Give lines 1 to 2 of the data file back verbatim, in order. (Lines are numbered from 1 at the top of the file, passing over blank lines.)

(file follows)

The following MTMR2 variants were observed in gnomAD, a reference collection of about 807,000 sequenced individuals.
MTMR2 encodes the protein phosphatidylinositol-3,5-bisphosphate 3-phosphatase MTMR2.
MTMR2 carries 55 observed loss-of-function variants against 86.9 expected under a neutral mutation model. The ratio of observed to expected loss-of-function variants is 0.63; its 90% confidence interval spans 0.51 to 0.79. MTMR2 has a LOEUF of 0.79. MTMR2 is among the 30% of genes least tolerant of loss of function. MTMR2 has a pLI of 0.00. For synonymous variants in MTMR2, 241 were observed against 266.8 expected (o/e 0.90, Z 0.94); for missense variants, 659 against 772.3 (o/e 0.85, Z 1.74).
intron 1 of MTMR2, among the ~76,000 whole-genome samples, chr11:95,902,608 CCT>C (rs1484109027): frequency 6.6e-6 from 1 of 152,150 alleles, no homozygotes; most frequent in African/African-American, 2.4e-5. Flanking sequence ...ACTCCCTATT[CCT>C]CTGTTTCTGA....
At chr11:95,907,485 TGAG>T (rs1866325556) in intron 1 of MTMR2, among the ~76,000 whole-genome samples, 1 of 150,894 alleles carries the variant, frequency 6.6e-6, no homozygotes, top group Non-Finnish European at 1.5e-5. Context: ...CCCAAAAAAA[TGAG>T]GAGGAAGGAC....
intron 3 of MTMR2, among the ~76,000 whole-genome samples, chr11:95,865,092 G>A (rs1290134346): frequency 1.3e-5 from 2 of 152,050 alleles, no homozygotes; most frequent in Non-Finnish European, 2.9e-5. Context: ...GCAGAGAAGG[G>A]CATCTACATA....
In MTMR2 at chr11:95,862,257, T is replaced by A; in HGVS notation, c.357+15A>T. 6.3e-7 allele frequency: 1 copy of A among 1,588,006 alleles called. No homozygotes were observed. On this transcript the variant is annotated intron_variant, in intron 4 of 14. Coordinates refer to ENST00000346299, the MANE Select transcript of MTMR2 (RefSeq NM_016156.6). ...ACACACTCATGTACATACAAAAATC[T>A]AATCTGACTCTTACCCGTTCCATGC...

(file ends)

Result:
The following MTMR2 variants were observed in gnomAD, a reference collection of about 807,000 sequenced individuals.
MTMR2 encodes the protein phosphatidylinositol-3,5-bisphosphate 3-phosphatase MTMR2.